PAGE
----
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Base on this I'm running the command

< /dev/urandom hexdump -v -e '/1 "%u\n"' |
awk '{ split("0,2,4,5,7,9,11,12",a,",");
       for (i = 0; i < 1; i+= 0.0001)
         printf("%08X\n", 100*sin(1382*exp((a[$1 % 8]/12)*log(2))*i)) }' |
xxd -r -p |
sox -traw -r44100 -b16 -e unsigned-integer - -tcoreaudio

I notice that the memory used by awk continually grows while this command is running, for example consuming over 500MB of memory by the time 75MB of raw audio data has been played. All of the other commands in the pipeline maintain a constant amount of memory.

What is awk using this memory for and is there an alternative that does the intended stream processing using only a constant amount of memory?


in case the awk version matters:

⑆ awk --version
awk version 20070501

Here's the command I tested based on Thomas Dickey's answer:

< /dev/urandom hexdump -v -e '/1 "%u\n"' |
awk 'BEGIN { split("0,2,4,5,7,9,11,12",a,",") }
           { for (i = 0; i < 1; i+= 0.0001)
               printf("%08X\n", 100*sin(1382*exp((a[$1 % 8]/12)*log(2))*i)) }' |
xxd -r -p |
sox -traw -r44100 -b16 -e unsigned-integer - -tcoreaudio
share|improve this question
    
I also see a memory leak on my BSD-Darwin (Mac) system. – Otheus Mar 5 at 22:31
2  
+1 just for posting a music generator – Celada Mar 5 at 22:53
up vote 11 down vote accepted

This statement is odd:

split("0,2,4,5,7,9,11,12",a,",");

It repetitively splits a constant string to create an array a. If you move that into a BEGIN section, the program should work the same — without allocating a new copy of the a array for each input-record.

Addressing comments: the for-loop and expression do not allocate memory in a simple manner. A quick comparison of mawk, gawk and awk shows that there is no problem with the first two, but /usr/bin/awk on OSX does leak rapidly. If Apple had a bug-reporting system, that would be the place to go.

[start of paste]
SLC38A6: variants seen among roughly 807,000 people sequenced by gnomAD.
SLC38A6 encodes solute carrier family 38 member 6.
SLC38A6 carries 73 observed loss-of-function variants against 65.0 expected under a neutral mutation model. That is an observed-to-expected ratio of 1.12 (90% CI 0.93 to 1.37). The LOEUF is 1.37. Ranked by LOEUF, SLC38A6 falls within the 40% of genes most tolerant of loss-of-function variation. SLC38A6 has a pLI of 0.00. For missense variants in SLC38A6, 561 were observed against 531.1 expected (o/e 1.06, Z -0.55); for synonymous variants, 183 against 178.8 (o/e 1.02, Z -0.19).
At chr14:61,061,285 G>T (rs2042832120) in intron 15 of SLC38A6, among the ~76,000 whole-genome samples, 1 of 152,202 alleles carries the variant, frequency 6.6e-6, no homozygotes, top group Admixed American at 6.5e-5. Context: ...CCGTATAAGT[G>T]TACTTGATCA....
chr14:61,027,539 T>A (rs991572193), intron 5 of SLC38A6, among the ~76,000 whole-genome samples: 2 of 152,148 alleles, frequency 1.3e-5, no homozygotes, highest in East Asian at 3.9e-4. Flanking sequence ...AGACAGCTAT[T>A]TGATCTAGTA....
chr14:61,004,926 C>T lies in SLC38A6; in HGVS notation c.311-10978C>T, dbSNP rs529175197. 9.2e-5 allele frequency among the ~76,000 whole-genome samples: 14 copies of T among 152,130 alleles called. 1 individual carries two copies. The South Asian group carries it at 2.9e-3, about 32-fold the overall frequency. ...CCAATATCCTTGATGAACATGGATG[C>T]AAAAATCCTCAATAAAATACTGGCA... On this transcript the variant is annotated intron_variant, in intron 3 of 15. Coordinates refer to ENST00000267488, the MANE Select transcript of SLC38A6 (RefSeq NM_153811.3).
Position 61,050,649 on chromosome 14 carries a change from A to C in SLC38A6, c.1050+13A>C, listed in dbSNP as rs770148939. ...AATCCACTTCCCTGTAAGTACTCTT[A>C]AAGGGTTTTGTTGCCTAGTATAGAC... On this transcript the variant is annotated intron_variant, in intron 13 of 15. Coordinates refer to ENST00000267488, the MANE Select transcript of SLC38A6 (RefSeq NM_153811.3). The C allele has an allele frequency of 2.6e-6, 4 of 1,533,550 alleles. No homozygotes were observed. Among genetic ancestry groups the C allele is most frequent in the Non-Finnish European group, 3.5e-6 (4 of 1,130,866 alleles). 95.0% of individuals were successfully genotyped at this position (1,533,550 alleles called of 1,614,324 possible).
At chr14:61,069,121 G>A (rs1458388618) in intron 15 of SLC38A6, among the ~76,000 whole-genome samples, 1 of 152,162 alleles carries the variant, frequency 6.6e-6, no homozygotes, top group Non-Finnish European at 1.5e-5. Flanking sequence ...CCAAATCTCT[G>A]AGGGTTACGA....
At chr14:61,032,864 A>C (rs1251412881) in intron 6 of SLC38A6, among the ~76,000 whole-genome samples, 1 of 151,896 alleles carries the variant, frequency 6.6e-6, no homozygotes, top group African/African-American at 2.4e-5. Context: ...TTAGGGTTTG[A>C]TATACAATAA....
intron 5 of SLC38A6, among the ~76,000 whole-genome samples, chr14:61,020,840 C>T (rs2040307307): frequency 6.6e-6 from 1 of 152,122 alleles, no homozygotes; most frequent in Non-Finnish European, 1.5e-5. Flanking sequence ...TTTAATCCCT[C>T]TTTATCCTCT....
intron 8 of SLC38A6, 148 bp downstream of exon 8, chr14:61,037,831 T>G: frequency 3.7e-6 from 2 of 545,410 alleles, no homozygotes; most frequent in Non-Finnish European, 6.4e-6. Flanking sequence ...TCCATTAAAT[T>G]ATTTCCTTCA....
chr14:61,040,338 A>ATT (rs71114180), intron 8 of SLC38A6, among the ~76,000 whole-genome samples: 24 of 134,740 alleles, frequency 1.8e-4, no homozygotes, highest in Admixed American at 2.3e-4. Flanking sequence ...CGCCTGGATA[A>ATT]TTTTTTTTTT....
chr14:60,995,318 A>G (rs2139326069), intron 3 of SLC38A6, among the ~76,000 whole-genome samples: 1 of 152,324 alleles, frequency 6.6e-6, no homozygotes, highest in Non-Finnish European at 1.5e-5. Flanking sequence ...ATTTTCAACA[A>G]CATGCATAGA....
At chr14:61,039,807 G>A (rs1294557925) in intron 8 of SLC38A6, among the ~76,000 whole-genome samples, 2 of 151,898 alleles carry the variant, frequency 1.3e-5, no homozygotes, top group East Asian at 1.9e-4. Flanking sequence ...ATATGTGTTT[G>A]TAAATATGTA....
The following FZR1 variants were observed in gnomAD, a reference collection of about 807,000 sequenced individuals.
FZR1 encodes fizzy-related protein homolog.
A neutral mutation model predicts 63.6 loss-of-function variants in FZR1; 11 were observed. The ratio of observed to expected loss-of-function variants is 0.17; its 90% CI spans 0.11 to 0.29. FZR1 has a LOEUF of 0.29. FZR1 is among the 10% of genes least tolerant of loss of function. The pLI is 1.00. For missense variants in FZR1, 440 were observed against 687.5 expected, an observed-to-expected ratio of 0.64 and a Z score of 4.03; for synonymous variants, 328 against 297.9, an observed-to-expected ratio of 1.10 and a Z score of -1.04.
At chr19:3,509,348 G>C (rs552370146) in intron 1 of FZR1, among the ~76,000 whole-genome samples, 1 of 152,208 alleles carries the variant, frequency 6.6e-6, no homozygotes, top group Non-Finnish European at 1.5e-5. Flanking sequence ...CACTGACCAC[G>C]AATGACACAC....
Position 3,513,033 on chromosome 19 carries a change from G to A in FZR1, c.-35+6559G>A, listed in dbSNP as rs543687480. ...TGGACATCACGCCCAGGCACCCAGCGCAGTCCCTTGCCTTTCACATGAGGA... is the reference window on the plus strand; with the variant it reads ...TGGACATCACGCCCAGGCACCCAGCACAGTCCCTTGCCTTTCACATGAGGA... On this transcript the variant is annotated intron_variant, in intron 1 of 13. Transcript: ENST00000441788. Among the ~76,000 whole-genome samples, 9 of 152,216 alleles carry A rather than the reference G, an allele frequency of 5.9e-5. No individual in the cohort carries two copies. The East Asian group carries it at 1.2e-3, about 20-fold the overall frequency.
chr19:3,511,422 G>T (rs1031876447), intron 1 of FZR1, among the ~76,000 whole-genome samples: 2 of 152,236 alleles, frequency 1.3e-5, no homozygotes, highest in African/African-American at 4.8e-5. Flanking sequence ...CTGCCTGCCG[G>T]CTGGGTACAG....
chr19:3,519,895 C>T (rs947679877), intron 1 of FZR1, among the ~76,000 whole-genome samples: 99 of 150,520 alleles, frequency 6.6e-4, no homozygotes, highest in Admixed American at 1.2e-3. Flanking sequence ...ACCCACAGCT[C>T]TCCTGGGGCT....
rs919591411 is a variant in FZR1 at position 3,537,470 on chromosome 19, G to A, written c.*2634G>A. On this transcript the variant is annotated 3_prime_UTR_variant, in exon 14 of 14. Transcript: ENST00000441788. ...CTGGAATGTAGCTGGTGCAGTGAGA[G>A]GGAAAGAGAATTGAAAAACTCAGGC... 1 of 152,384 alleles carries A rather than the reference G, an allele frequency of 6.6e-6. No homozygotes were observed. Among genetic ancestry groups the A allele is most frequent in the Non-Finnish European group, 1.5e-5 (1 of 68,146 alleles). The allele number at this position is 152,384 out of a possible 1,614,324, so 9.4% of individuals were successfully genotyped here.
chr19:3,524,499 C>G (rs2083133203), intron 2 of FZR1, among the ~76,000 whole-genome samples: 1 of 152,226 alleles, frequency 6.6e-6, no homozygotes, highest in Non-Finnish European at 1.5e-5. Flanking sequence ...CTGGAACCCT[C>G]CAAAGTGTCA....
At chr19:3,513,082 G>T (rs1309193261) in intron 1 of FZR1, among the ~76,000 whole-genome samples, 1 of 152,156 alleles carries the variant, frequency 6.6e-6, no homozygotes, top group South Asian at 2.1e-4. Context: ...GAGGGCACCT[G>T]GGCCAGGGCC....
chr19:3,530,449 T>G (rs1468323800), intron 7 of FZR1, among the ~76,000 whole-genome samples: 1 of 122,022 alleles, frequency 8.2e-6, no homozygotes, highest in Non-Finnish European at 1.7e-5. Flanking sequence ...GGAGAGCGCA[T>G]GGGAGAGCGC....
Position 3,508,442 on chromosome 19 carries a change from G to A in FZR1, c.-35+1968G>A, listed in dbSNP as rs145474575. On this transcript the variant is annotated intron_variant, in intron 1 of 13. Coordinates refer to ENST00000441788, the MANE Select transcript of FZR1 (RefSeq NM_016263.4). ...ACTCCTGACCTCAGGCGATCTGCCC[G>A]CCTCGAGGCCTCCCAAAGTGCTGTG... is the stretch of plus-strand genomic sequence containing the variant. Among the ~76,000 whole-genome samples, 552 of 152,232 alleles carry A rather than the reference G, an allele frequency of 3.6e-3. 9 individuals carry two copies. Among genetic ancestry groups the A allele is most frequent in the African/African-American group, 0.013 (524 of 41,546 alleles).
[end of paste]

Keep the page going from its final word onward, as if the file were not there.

share|improve this answer
1  
I did as you suggested on my Mac (I'm not the OP). I still see a memory leak with awk. – Otheus Mar 5 at 22:33
    
Somehow, simply referencing the a hash uses memory. – Otheus Mar 5 at 22:38
    
Same here; I still see the memory growth. I also did a rough comparison and the memory usage seems to be growing at the same rate with this change. – bames53 Mar 5 at 22:38
    
Even this will cause a memory leak: awk 'BEGIN { split("0,2,4,5,7,9,11,12",a,","); } { for (i = 0; i < 1; i+= 0.0001) a[1]; }' – Otheus Mar 5 at 22:43
    
You could switch to mawk or gawk. Apple's base system includes some real antiques. – Thomas Dickey Mar 5 at 22:44

Here's a perl equivalent that doesn't leak:

perl -lne 'BEGIN { @a=(0,2,4,5,7,9,11,12);}
   for ($i = 0; $i < 1; $i+= 0.0001) {
     printf("%08X\n", 100*sin(1382*exp($a[$F[0] % 8]/12)*log(2))*$i) }'

It's almost identical. $1 gets replaced by $F[0] and i is replaced with $i. The hash a is replaced with an actual array, @a.

You would be wise to generate some input and compare the output and note differences between the two. There are often nuances as to how interpretive languages deal with floating point.

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